PM Abbasi calls for measures to meet water crisis

Chairs meeting on National Water Policy, urges for scientific management of scarce water resources


Pakistan’s Prime Minister Shahid Khaqan Abbasi on Thursday has called for urgent and effective measures to conserve water and to prevent its wastage to tackle a looming water crisis.

“There is an urgent need to take effective measures at provincial as well as federal level for not only ensuring optimum utilisation, but also for conservation and scientific management of water resources, to cater to future needs of growing population of the country,” PM Abbasi stressed.

Chairing a meeting at Prime Minister’s (PM) Office in Islamabad on draft National Water Policy, the PM called for a “robust framework to conserve freshwater which is a finite resource and was progressively becoming scarce.”

He directed the officials to share the draft policy with provinces for their consideration and early finalisation.

Abbasi appreciated the efforts of Planning Commission on formulating the much-needed policy framework for effective conservation, utilisation and management of existing water resources.

Federal Minister for Interior and Planning, Development and Reforms Ahsan Iqbal, Deputy Chairman Planning Commission Sartaj Aziz, Minister for Power Sardar Awais Ahmad Khan Leghari, federal secretaries and senior officials attended the meeting.

Planning Commission Deputy Chairman Sartaj Aziz briefed the officials on the proposed National Water Policy drafted to ensure a policy framework for effective management and conservation of existing water resources. The water policy would also help improve availability, reliability, and quality of fresh water to meet critical municipal, agricultural, energy and food security needs, besides addressing the environmental concerns.

The draft policy addresses critical issues of reduction in wastage of water, enhancement of water storage capacity from 14 million acre feet (MAF) to at least 28 MAF through a network of small, medium and large-sized storage reservoirs, increasing efficiency of water use by producing more crop per drop, gradual replacement and revamping of irrigation infrastructure and setting up of realistic and achievable targets.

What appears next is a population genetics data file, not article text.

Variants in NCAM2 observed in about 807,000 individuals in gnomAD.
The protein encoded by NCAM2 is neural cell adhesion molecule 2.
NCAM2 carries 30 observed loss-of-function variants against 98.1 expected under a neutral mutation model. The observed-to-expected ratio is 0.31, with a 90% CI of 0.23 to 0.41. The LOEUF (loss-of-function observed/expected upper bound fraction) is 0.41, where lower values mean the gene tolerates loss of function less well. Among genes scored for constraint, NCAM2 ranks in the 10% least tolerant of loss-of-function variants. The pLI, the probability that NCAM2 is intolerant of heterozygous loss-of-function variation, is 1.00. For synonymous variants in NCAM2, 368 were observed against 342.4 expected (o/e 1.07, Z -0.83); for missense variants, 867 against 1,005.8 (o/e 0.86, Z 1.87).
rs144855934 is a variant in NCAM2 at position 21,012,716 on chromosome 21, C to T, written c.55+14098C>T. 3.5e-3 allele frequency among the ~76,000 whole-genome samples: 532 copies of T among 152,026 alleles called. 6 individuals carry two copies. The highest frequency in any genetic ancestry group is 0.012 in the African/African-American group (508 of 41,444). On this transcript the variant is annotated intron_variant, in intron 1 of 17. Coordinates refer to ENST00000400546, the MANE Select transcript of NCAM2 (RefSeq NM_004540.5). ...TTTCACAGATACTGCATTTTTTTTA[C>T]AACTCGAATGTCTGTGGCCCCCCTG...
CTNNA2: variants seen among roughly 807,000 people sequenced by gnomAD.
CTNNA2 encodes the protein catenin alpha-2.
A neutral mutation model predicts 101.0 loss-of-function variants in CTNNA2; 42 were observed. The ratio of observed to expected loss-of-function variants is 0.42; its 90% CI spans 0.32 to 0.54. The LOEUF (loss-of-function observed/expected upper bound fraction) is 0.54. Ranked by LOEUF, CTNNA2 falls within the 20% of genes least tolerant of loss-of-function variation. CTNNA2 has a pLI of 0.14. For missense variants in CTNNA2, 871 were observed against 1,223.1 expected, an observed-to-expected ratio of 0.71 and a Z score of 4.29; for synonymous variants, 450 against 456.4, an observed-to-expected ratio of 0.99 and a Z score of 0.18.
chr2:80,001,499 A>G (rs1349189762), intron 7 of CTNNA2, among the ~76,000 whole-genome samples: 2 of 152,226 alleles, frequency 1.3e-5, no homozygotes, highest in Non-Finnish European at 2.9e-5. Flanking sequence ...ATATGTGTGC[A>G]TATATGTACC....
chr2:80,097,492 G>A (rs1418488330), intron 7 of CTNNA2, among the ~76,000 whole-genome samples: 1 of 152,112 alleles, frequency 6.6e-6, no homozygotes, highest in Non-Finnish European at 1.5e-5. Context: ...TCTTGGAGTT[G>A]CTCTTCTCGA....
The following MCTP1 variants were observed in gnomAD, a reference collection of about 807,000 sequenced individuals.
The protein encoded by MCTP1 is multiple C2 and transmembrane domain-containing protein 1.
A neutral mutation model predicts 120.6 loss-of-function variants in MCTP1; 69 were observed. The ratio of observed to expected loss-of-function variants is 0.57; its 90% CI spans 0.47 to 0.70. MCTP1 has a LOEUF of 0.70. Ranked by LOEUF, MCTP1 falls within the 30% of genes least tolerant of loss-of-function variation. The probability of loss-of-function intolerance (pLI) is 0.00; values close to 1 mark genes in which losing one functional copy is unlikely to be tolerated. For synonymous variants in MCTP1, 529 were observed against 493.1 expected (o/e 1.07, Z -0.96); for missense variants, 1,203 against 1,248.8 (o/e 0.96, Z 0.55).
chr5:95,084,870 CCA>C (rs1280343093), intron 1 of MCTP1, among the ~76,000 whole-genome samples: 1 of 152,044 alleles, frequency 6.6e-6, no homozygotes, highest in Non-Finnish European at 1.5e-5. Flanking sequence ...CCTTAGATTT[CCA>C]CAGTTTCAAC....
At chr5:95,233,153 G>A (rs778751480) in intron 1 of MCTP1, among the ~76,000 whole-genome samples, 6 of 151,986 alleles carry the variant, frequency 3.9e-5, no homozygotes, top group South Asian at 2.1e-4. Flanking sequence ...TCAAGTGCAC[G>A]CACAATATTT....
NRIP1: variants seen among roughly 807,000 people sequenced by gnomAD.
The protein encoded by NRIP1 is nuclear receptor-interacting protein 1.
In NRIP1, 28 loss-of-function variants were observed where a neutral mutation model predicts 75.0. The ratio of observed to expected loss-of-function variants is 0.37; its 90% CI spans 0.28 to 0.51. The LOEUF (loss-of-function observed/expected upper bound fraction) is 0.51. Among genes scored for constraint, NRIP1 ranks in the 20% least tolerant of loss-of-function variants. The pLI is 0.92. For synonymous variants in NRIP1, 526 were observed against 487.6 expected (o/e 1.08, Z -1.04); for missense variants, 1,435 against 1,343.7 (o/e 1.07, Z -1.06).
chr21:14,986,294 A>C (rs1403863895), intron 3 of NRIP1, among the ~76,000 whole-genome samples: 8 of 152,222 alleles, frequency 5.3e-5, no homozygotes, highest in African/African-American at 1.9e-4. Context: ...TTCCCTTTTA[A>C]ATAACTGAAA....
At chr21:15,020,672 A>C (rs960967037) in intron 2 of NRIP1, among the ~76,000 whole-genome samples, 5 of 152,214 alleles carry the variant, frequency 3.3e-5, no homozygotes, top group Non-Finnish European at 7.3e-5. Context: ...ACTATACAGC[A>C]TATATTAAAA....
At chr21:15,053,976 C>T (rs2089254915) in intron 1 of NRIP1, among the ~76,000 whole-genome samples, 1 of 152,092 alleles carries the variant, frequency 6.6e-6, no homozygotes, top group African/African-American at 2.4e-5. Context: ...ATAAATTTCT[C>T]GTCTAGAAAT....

The proposed National Water Policy is a timely measure as Pakistan Council of Research in Water Resources (PCRWR) and the Met department have warned that the country could face severe drought by 2025.

Pakistan’s massive water crisis, scarcely making the headlines, is feared to have profound implications on the country’s stability and security as large proportion of the population does not have access to clean water.

No access to clean water and |infrequent government water supply has forced even city-dwellers to dig up their own wells and rely on bottled water for drinking” says Imran Khalid, a researcher at the Sustainable Development Policy Institute.

Pakistan’s water is not only becoming scarce but also contaminated. The risk is potentially higher given that about 60-70 per cent of Pakistan’s population relies on groundwater which in many areas is contaminated.

A recent study published in the US journal Science Advance highlighted that some 60 million people are at risk of arsenic poisoning from contaminated groundwater in Pakistan.


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